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JoshM

No Branching Zone

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I've really been wondering lately - imagine you are writing a game with C++ and you have no "if" or "?:" - or any other method of branching. What would be impossible, if anything? And what would be slower? I suspect some things will become faster and easier to understand... EDIT: Loops are allowed as long as you don't cheat and use it as an if, like: for( ; testCondition ; ) { if-branch } for( ; !testCondition ; ) {else-branch) EDIT part 2: Ok, let me simplify this - what if you can't use "if", "?:", "case", or any other kind of hackery that simulates those operations? EDIT part 3: My terminology was wrong - I mean "CONDITIONAL branch." (thanks doynax) From wikipedia: "A conditional branch is a basic logical structure. It resembles a fork in the road; there are at least two paths that may be taken and one must be chosen." A function call is not what I'm talking about because there is no logic to evalute in order to determine which function to call - even a virtual function is (I believe) just a lookup into the vtable, right? [Edited by - JoshM on August 11, 2005 7:59:05 PM]

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A game entirely without loops and (non-inline?) function calls would be kind of limited.
Basic boolean/arithmetic operators can often be used to synthesize conditional expressions though.

I suppose that it'd be theoretically possible develop anything like this for some kind of infinity machine.

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It would be impossible to do anything that requires a program to act on the outcome of a previous operation. It would be possible to implement certain things with number transformations rather than explicit branch instructions, but then you'd just be implementing branching on a more abstract level.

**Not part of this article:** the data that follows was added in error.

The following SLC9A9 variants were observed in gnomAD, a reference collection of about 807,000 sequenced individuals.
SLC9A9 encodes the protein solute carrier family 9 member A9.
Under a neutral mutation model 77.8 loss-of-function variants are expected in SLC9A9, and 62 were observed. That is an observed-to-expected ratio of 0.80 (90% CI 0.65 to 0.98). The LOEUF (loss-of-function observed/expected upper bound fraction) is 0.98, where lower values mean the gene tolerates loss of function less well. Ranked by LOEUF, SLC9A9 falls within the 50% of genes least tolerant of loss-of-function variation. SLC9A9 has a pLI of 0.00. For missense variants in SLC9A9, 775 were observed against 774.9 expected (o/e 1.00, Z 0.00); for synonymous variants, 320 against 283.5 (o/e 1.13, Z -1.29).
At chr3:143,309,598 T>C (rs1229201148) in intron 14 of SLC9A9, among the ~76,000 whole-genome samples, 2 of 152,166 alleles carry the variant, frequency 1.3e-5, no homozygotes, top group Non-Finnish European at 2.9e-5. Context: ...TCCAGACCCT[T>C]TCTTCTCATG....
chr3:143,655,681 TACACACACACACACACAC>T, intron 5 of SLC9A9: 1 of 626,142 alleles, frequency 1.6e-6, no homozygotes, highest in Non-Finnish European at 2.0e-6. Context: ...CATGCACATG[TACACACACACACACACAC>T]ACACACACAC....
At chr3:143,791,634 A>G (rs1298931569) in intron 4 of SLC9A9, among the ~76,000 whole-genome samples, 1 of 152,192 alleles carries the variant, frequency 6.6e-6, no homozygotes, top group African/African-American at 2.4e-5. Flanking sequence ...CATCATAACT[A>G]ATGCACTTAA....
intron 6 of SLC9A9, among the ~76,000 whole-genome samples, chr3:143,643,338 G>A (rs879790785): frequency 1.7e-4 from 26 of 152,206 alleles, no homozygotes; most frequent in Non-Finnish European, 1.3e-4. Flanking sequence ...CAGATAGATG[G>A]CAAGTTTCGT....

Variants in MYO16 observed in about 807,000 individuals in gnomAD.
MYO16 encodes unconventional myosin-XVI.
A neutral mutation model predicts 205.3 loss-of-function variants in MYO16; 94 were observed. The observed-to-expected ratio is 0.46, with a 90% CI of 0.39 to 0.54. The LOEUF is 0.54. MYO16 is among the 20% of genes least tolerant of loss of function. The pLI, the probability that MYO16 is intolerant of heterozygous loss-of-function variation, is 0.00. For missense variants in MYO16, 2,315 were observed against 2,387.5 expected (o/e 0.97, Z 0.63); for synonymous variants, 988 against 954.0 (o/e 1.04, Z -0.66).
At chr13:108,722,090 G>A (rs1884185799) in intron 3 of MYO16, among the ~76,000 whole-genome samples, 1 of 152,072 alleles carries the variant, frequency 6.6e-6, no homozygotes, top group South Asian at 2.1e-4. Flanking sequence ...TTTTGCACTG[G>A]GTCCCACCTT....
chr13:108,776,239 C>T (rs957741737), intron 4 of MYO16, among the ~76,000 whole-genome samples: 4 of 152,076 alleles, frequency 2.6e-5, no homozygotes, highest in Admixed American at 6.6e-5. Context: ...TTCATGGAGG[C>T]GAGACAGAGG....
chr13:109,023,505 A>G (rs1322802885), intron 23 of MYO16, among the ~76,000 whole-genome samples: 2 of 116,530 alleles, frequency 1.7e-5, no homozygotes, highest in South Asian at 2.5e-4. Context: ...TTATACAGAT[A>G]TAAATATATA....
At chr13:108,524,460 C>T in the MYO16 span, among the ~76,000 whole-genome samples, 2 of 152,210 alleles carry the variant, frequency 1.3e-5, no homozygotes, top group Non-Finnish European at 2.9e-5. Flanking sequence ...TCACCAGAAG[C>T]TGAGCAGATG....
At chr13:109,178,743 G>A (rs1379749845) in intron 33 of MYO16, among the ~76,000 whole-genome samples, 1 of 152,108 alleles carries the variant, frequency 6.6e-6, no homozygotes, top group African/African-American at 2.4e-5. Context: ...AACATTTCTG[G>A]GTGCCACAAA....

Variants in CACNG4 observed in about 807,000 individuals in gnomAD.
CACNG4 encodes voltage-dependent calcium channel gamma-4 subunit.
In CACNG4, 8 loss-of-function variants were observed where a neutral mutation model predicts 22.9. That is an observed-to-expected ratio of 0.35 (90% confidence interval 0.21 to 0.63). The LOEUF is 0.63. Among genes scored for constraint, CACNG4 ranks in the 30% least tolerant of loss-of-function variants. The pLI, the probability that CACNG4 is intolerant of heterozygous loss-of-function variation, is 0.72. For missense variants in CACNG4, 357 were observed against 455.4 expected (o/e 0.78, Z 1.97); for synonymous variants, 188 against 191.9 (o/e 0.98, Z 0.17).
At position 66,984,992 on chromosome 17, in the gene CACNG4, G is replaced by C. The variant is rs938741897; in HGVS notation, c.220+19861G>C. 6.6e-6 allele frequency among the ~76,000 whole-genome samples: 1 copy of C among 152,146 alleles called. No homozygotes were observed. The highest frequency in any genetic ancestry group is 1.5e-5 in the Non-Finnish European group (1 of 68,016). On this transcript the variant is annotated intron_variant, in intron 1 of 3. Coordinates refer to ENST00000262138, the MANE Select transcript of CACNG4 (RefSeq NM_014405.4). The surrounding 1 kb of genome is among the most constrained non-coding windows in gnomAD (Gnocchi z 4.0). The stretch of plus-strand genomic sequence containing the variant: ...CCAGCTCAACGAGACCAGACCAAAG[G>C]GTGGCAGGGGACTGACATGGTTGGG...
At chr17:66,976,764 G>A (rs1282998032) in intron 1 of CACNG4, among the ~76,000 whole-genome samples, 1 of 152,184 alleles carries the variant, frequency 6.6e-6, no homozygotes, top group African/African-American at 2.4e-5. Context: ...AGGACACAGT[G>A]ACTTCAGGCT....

Quote:
EDIT: Loops are allowed as long as you don't cheat and use it as an if, like:

for( ; testCondition ; ) { if-branch }
for( ; !testCondition ; ) {else-branch)

Loops with conditions are the equivalent of unconditional loops with an if(condition): break

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Quote:
Original post by igni ferroque
It would be impossible to do anything that requires a program to act on the outcome of a previous operation. It would be possible to implement certain things with number transformations rather than explicit branch instructions, but then you'd just be implementing branching on a more abstract level.


That's not exactly true. For example, here's a branch:

enum State{...} state;
switch( state )
{
case STATE_A: ProcessStateA(); break;
case STATE_B: ProcessStateB(); break;
etc...


And here's a non-branch:

State* state;
...
state->Process();

I wouldn't say that the second example is "a more abstract branch." It's a different paradigm. And if Process is a virtual function, then what happens when you call state->Process() depends entirely on the concrete class that state points to and thus depends on the result of a previous operation (ostensibly, assignment).